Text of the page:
Closure in the elite professions: the field of law and medicine in an egalitarian context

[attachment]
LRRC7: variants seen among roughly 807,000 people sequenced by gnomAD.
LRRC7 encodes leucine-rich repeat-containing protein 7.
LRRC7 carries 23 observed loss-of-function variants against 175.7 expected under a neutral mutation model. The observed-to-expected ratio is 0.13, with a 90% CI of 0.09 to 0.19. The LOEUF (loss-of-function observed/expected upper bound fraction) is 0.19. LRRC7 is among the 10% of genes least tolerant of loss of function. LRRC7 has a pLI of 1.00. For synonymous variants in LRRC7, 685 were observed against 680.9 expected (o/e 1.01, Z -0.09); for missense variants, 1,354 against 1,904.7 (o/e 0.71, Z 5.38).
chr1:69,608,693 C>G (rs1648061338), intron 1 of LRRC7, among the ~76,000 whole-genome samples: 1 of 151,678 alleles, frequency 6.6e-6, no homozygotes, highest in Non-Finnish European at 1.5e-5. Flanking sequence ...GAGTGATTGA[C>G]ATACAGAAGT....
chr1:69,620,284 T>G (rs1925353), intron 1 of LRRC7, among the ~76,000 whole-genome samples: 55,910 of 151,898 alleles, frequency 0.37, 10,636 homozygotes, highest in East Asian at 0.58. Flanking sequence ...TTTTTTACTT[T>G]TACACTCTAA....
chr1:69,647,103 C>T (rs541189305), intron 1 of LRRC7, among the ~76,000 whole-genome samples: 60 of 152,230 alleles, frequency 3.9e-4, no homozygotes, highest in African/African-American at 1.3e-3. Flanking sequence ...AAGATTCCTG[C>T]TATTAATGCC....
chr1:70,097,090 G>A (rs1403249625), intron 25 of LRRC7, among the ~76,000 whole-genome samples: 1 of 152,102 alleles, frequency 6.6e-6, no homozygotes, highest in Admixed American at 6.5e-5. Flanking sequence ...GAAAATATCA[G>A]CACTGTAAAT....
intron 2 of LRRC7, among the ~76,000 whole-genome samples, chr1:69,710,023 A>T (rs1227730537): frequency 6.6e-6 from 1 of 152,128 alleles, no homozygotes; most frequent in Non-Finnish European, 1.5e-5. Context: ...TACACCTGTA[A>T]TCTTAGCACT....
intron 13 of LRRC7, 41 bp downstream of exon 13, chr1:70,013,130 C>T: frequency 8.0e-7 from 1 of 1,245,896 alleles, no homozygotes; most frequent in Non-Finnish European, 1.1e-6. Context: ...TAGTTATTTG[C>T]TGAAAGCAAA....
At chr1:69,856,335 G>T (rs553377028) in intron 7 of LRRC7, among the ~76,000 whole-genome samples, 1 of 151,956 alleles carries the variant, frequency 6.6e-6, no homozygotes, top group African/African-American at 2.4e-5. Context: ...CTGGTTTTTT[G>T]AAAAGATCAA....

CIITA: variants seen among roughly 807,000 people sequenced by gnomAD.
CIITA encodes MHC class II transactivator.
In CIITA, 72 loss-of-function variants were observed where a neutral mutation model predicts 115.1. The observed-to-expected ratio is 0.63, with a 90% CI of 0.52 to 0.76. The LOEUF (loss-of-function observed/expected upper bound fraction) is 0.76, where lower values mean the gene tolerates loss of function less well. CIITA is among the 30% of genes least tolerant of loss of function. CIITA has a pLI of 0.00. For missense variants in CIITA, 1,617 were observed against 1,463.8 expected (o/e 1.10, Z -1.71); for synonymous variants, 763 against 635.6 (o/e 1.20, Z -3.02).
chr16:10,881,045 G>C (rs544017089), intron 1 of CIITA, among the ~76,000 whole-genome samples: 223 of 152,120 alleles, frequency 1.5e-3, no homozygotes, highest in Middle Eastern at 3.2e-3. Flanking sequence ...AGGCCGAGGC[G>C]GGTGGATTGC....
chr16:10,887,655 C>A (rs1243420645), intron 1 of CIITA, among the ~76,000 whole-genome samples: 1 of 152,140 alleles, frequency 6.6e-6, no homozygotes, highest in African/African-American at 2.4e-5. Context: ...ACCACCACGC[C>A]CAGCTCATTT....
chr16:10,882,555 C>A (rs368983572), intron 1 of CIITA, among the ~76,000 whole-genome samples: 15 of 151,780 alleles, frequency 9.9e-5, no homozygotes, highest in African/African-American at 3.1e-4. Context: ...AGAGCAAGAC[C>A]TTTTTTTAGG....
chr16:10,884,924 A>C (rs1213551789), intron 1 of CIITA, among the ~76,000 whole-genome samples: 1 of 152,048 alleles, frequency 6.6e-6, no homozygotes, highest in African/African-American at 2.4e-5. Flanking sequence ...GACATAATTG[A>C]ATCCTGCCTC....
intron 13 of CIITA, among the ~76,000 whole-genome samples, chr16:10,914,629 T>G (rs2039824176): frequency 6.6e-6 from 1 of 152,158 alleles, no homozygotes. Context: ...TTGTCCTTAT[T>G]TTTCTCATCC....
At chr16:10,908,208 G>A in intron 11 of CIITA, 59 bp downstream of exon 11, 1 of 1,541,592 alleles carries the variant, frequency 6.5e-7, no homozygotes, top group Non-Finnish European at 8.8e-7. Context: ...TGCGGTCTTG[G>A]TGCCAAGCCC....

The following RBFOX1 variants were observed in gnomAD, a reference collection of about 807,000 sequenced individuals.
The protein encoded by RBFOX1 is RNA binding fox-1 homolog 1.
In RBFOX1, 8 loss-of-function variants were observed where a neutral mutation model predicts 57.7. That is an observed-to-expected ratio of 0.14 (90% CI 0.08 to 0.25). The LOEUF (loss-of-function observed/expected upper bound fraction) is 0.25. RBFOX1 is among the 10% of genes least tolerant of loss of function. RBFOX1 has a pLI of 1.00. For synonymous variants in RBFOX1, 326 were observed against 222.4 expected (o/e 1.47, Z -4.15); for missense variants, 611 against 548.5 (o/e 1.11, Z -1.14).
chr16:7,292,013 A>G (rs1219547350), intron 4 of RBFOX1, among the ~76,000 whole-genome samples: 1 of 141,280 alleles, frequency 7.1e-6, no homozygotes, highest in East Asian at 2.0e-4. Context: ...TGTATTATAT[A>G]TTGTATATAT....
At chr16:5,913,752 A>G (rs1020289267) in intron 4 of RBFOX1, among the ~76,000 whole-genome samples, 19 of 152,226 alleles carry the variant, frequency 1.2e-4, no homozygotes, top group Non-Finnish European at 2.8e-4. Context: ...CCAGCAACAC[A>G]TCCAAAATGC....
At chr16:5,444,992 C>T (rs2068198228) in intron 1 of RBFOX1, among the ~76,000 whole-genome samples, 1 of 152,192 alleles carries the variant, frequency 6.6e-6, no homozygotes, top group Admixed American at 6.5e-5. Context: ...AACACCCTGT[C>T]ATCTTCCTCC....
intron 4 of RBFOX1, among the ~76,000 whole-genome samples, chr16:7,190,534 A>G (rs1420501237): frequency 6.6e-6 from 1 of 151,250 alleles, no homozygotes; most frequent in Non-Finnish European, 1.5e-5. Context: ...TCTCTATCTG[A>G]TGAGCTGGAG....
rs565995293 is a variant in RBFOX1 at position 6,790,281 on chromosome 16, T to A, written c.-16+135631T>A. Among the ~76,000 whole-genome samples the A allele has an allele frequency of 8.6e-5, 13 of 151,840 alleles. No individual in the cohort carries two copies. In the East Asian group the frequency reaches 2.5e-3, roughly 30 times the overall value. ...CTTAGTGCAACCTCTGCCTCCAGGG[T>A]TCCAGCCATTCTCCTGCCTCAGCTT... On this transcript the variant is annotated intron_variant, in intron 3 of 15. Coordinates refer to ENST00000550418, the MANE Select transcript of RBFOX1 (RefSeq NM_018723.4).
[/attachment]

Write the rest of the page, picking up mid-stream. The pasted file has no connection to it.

This article examines if and how the elite professions of law and medicine have managed to maintain their exclusivity in a period of educational expansion in Norway. The extent to which these professions disproportionately recruit students with socio-economically advantageous backgrounds is seen as an indication of intergenerational closure. Using registry data covering the entire population of Norway over a 26-year time span, we show that even though these two professions have experienced growing numbers of candidates, they manage, partly due to different institutional strategies, to maintain their exclusivity. Parents’ income and self-recruitment are relatively stable and important factors for the recruitment in both fields, although these trends are somewhat higher in law than in medicine. Drawing on Turner’s (1960) ideal-typical concepts of contest and sponsor mobility, we pinpoint institutional differences between the types of education provided for both groups and how these have adapted to meet the expansion in candidates seeking to qualify as lawyers and doctors.